Archive | March, 2013

Executive Directors are Underpaid

30 Mar

Here comes an unsubstantiated assertion:  nonprofit executive directors are underpaid.

I believe I have enough anecdotal evidence to say this based on our work over many years with nonprofits of all types and sizes.  We work closely with the executive directors and we get to know them very well.  Based upon these close working relationships, I can make the following generalizations:

Nonprofit executive directors are smart, knowledgeable people who speak intelligently about the work of their organizations.

They are hardworking and are willing to do whatever it takes to get the work done.

They are very dedicated to the missions of their organizations.

They are resourceful, often accomplishing much with limited resources.

Though they may not have a classical background in finance, they have an intuitive understanding of the finances of their organizations.

They are adroit politically as they must often work with board members who themselves may be less than fully engaged.

They are generally leaders that can inspire staffs and volunteers.

They are people looking to make a difference.

And they are generally underpaid.

What do you think?

Comments welcome.

Eric Fraint, President and Founder
Your Part-Time Controller, LLC.

Attention nonprofit board members and executive directors: If your accounting department cannot perform these 7 essential functions, then you need a new accounting department

10 Mar

Show me an organization that cannot do one or more of these 7 basic functions, and I will show you an organization that needs a new accounting department.

At our firm we’ve coined a name for these 7 basic functions: the “Financial Reporting Baseline™” or FRB.

As you read these 7 basic functions, ask yourself if you are getting this minimum level of performance from your accounting department.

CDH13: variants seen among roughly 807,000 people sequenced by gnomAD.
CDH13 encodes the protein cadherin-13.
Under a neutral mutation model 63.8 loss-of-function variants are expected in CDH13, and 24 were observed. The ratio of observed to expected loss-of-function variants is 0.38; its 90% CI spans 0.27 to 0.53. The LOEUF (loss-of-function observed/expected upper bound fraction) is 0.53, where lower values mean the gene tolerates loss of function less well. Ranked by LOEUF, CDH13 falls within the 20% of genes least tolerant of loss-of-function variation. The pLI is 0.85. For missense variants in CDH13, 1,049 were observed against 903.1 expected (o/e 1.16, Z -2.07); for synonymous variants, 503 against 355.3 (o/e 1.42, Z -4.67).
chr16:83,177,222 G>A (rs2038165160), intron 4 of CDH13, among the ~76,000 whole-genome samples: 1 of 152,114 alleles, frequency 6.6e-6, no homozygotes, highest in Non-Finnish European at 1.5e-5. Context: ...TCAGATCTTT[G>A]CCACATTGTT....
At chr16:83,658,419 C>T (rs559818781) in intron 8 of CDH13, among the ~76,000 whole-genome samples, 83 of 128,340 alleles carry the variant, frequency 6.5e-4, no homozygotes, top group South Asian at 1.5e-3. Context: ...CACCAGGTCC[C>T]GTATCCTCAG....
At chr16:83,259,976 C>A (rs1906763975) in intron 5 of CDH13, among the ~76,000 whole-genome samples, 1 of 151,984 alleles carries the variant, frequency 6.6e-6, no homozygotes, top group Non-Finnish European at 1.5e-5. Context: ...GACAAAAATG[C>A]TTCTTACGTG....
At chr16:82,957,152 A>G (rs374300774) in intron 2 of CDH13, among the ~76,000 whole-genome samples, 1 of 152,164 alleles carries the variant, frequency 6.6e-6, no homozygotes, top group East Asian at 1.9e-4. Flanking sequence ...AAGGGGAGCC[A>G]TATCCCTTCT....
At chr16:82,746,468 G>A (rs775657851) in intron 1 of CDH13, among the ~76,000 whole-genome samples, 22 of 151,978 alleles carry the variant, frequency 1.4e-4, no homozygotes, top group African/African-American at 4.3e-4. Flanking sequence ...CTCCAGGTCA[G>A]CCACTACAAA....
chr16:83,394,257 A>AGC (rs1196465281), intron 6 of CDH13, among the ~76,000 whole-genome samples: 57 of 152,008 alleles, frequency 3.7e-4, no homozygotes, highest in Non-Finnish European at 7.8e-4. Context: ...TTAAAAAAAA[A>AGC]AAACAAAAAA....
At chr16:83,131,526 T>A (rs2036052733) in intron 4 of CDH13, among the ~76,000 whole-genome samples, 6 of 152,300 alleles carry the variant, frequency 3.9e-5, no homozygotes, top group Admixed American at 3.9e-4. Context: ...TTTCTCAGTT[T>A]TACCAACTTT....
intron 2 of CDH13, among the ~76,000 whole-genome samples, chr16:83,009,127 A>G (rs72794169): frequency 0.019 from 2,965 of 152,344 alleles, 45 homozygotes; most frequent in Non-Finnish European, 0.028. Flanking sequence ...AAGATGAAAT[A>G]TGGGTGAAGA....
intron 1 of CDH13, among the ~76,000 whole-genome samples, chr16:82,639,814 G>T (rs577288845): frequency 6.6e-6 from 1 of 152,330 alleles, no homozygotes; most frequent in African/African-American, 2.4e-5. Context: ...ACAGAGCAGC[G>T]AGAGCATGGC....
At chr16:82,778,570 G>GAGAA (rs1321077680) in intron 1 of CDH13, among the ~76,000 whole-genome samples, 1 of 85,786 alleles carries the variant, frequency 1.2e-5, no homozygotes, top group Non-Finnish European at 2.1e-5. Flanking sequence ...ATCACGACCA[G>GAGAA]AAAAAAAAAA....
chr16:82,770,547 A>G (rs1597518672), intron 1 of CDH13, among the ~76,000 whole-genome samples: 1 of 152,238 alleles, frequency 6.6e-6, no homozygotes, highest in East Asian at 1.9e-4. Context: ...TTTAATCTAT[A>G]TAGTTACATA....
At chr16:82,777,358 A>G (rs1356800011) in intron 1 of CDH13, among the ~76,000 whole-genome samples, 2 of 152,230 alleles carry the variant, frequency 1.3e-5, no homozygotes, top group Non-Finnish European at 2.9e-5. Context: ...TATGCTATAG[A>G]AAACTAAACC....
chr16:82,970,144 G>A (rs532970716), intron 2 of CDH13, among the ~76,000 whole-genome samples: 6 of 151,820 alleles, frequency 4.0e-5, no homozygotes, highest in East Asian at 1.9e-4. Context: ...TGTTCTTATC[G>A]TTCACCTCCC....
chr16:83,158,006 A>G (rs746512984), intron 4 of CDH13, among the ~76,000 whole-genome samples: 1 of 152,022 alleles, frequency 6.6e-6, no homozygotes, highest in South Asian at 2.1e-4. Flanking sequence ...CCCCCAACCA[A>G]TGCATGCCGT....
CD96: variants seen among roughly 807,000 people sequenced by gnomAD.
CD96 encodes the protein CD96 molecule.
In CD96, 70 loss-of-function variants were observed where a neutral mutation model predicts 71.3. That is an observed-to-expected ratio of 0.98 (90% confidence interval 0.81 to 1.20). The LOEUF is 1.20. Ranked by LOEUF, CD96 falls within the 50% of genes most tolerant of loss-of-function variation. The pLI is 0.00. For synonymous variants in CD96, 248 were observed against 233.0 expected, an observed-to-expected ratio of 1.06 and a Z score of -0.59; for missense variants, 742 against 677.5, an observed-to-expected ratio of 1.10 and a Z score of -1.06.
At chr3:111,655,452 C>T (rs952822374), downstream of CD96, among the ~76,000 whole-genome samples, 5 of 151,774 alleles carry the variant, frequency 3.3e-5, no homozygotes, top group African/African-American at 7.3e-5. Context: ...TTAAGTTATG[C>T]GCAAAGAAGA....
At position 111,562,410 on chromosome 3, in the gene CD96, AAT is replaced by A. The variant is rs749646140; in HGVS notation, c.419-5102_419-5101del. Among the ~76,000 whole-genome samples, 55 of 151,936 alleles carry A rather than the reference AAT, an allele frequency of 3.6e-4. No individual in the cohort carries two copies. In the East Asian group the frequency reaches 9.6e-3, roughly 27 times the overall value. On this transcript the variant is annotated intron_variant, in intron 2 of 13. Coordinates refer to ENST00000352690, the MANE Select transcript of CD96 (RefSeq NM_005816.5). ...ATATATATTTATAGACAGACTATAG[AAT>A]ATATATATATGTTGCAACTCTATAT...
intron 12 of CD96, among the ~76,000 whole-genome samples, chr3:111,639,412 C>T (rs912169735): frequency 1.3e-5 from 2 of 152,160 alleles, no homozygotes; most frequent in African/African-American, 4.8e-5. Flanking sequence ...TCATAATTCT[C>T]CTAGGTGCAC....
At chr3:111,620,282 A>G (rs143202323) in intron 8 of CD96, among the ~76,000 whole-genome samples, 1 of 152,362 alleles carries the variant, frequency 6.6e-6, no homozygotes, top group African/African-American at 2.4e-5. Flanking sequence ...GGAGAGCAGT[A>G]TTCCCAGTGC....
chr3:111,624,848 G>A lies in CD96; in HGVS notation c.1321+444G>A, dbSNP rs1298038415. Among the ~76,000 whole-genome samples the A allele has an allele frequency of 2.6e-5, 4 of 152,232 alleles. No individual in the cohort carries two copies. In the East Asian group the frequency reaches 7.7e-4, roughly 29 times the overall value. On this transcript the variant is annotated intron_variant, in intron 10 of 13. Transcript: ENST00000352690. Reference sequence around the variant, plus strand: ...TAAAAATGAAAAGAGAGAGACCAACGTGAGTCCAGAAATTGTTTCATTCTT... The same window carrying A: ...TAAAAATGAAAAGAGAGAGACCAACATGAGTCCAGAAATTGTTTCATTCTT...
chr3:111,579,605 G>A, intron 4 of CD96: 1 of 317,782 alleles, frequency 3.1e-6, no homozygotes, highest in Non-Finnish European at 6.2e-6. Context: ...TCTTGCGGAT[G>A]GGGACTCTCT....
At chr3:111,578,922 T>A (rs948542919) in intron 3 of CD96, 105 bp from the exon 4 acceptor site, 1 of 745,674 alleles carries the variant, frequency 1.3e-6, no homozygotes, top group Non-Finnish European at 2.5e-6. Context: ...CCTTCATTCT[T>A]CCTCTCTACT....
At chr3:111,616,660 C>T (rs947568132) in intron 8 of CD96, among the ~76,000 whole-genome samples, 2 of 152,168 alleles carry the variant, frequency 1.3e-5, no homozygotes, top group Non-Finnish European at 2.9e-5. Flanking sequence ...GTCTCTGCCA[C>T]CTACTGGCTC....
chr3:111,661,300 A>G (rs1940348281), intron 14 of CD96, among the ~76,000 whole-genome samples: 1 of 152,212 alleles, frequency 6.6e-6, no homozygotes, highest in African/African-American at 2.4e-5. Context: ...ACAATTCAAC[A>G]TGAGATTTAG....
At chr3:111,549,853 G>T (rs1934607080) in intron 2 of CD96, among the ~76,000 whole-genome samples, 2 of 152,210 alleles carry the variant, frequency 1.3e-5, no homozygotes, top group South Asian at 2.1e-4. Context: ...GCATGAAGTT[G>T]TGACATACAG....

(1)    Monthly reporting package:  Your accounting department prepares a monthly financial reporting package consisting of, at the very minimum, a Balance Sheet, a Statement of Activities (commonly called an income statement), and a Cash Flow Statement.

(2)    Timeliness: The monthly financial reporting package is prepared on a “timely” basis.  The definition of timely varies from one organization to the next, but if it takes more than two or three weeks, it is no longer timely.

(3)    Reconciled: Your accounting department reconciles all bank and investment accounts every month.  If this is not done you really do not know how much money you have.

(4)    Restricted funds:  Your accounting department tracks and clearly reports the status of your donor restricted funds.

(5)    Different levels of detail:  Your accounting department is capable of producing financial reports in different levels of detail.  This is sometimes referred to as “vertical” presentations.  Think of your board getting very summary level information, your finance committee getting more detail, and your executive director getting all details.

(6)    Department and program data:  Are you able to easily get your financial information segmented by departments and programs.  We sometimes refer to this as “horizontal” presentations.

(7)    Budgeting:  Does your accounting department budget on both a cash and accrual basis?  The oddities of nonprofit accounting make this particularly important (assuming your organization reports on the accrual basis, which most organizations do).  If you budget only on an accrual basis, you lose information about your cash flows.  If you budget only on a cash basis, your budget may not line up properly with your actual performance which reduces the helpfulness of budget to actual analyses.

These 7 basic FRB functions apply whether your organization has a budget of $500,000, or $500M.  They are in fact so basic that if your accounting department cannot do these things it calls into question the quality of information you are receiving to run your organization.

For a more complete explanation of the FRB, see the article on our website called:  “Don’t Operate Blind: Jump Start Your Accounting Department.”  Find this article, and other articles relating to nonprofit financial management written by me, at: .

Comments welcome.

Eric Fraint, President and Founder
Your Part-Time Controller, LLC

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